Pan-Pan Presents The Most Charming Of Shipwrecks

There are a few core facts I know as of now about Pan-Pan. First, that it is being published by Swedish art-house developer, Might & Delight, creators of the wondrous Shelter and various other pretty projects. Two, that it is being developed by the single-man studio, Spelkraft, whose primary goal is “to create ‘pure’ entertaining and creative interactive experiences,” an endearing mantra evident in his work. Which brings me, finally, to three, that Pan-Pan looks positively lovely, with an art style evoking something between The Legend of Zelda: The Wind Waker and Adventure Time.

The former comparison is likely appropriate, as Pan-Pan seems to take liberal inspiration from Nintendo’s eminent franchise. In its announcement trailer (and subsequent gameplay clips), there is many a block puzzle solved, item obtained, and blade of grass cut. These elements are of course not exclusive to the Zelda series, but their execution in Pan-Pan feels distinctly Nintendo, more so than even some of their own recent games.

Pan-Pan’s charming art style and proclaimed focus on creativity and enjoyment echoes a design philosophy that, even if not outright stated, seemed to drive many of Nintendo’s most eternally beloved classics. It’s an intangible thing in some ways, often referred to plainly as that “Nintendo magic,” but it is always recognizable when it presents itself, the same way a certain place might make you calm or nostalgic even if the cause of such emotion remains vague.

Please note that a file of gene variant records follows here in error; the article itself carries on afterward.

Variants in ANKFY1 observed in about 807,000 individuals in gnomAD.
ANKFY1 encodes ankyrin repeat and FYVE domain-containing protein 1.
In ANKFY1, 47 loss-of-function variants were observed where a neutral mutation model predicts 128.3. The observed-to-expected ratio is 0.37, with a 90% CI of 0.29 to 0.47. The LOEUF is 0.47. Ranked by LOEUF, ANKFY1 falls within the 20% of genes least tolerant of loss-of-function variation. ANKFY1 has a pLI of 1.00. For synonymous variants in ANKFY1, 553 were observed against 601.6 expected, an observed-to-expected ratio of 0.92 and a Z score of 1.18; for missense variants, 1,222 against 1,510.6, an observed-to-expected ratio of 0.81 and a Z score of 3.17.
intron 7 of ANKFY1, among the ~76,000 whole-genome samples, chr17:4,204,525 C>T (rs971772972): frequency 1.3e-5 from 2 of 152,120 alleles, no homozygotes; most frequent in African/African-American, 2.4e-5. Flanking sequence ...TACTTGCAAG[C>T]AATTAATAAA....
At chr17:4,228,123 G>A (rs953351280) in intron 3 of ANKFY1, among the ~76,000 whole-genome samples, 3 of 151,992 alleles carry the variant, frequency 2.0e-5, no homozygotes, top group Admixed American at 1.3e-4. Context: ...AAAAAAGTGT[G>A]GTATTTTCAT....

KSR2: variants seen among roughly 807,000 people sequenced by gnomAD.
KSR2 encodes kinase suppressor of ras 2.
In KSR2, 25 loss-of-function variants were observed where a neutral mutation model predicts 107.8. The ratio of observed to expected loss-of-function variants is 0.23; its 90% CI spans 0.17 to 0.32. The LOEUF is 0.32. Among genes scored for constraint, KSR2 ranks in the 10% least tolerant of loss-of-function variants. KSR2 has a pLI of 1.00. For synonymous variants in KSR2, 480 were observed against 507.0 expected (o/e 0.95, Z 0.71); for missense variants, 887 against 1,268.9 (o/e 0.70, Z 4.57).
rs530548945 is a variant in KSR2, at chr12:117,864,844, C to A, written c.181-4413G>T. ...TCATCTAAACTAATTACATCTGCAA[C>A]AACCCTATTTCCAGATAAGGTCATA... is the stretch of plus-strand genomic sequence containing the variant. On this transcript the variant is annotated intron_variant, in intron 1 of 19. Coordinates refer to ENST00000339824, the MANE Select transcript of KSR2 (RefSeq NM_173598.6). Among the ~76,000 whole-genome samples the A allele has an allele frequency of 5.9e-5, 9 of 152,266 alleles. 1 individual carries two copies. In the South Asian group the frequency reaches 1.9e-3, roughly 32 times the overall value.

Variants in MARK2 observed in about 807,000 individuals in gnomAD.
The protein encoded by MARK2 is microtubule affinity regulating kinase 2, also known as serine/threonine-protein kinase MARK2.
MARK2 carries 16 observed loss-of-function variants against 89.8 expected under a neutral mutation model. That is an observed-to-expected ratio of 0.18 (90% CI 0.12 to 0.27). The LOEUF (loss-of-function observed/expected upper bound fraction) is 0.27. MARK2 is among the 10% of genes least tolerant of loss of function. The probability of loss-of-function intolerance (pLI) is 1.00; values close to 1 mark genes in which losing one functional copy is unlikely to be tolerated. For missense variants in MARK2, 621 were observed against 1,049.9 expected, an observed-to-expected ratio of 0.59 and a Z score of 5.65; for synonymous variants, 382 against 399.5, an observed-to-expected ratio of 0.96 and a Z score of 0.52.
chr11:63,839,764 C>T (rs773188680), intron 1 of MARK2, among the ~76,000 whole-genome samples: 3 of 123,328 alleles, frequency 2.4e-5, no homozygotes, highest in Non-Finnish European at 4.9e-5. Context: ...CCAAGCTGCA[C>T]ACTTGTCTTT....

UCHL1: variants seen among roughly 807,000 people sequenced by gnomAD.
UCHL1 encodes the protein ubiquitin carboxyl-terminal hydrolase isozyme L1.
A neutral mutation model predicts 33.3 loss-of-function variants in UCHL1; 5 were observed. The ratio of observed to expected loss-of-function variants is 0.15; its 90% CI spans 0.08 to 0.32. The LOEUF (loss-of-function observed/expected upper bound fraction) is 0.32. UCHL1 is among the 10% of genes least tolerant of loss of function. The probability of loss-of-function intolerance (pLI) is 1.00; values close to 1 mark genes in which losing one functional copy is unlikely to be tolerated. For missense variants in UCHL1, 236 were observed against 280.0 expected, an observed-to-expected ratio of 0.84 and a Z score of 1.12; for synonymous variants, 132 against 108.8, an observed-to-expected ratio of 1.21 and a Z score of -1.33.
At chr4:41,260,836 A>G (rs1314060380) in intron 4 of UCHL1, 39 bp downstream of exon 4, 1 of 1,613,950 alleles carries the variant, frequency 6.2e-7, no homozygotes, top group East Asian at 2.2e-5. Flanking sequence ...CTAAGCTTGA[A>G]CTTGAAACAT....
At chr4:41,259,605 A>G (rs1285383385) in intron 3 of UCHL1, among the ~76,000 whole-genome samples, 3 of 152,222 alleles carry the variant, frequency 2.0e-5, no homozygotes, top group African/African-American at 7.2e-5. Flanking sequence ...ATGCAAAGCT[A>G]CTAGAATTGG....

Aside from what can be drawn from its trailers, little more is known about Pan-Pan. It has been said that your task is to fix your little space gal’s broken ship (perhaps an answer as to the game’s title), but beyond the tangentially Pikmin-like nature of exploring an alien planet for salvageable parts, it remains unclear as to what Pan-Pan has in store. And I think I like it that way, especially with Pan-Pan’s release being only a few weeks out. With so many games showcasing themselves ad nauseam, to the point of completely removing any surprise or curiosity as to what they are, I find myself enamored with Pan-Pan’s quiet and reserved reveal so soon before launch. Whether that is the wisest marketing decision is a different question, but is has undeniably captured my interest, and somehow that itself feels like a pleasant surprise.

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Pan-Pan will be released on August 25th on PC and Mac. You can follow its developed on its official site.

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